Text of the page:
DRW, a Chicago-based proprietary trading company, and its owner Don Wilson, accused of market manipulation by US regulator the Commodity Futures Trading Commission (CFTC), have made a last ditch effort to avoid the case going to trial on 1 December, according to a report in the Financial Times today.
The CFTC’s lawsuit has caught the attention of the trading industry as Wilson is a prominent figure in derivatives markets. According to the CFTC, DRW made at least $20 million after rigging prices of an interest-rate futures contract listed by Nasdaq. DRW meanwhile has denied the allegations and has taken the unusual step of wrestling with the regulator instead of settling up.
The commission said it only needed to show that DRW overtly “intended to affect market prices” to prove attempted manipulation but this was overruled in court. It was declared that the CFTC was incorrect and it must show that DRW also intended to create “artificial prices”. The judge ruled that a jury may conclude that artificial prices were DRW’s goal and refused to throw out the case.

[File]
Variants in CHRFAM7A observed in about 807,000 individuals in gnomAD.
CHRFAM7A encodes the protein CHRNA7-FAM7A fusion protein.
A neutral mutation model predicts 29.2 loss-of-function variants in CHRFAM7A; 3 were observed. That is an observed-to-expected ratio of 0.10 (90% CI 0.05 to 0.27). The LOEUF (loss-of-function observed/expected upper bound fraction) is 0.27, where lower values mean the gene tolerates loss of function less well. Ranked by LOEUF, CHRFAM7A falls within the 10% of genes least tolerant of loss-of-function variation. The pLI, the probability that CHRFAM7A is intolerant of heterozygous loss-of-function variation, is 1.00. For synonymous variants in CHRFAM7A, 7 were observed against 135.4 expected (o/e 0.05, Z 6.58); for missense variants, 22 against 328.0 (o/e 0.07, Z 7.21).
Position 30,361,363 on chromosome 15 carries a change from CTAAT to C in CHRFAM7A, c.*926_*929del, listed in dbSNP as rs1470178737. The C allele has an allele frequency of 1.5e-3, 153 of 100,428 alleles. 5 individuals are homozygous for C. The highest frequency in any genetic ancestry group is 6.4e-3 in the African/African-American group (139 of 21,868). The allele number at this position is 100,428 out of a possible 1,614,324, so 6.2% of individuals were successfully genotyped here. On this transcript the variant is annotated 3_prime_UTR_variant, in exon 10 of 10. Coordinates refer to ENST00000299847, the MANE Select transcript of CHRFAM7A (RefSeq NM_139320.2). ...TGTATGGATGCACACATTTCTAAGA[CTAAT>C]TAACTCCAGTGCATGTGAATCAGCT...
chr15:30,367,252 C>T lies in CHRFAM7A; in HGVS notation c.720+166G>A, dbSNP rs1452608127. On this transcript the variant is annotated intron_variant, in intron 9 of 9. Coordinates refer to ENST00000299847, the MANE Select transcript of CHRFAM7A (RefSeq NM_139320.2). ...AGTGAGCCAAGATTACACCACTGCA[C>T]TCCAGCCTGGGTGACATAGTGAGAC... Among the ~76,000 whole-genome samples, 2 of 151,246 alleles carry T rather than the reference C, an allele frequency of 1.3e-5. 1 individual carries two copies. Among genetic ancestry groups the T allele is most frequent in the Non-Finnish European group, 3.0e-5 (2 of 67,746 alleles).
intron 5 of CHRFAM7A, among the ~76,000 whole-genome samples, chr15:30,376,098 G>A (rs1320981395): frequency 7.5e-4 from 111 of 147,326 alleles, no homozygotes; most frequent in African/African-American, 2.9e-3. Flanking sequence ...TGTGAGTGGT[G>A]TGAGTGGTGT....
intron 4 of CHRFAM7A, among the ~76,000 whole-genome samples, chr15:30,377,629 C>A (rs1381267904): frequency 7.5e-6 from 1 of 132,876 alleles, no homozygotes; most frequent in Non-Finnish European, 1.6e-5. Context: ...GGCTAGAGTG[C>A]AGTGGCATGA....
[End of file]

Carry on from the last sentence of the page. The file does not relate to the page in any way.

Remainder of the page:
The events highlight the obstacles involved in winning manipulation cases.
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The case was then transferred to another US judge with DRW’s lawyers filing a motion for reconsideration, arguing that the CFTC was incorrect. According to DRW’s lawyers: “There are no disputed issues of material fact to present to a jury and no trial is warranted.”
Tim Massad, CFTC chairman, was reportedly disappointed by the judge’s decision and told the FT: “The issue is, what does manipulation mean? We think any attempt to literally move the price, if you will, can be manipulation. Some people, including in that case, argue ‘Well, I thought the price was incorrect. It wasn’t the right market price. It was artificial.’ What does that mean?”
The events highlight the obstacles involved in winning manipulation cases. In this case, DRW argued it was “attempting to capture the difference between the interest-rate futures and equivalent over-the-counter derivatives”.
A DRW spokesperson commented: “The CFTC’s interpretation of the law, called ‘incorrect’ by the court, would have hindered price discovery and transparency, and prohibited legitimate trading practices that are vital for well-functioning markets.”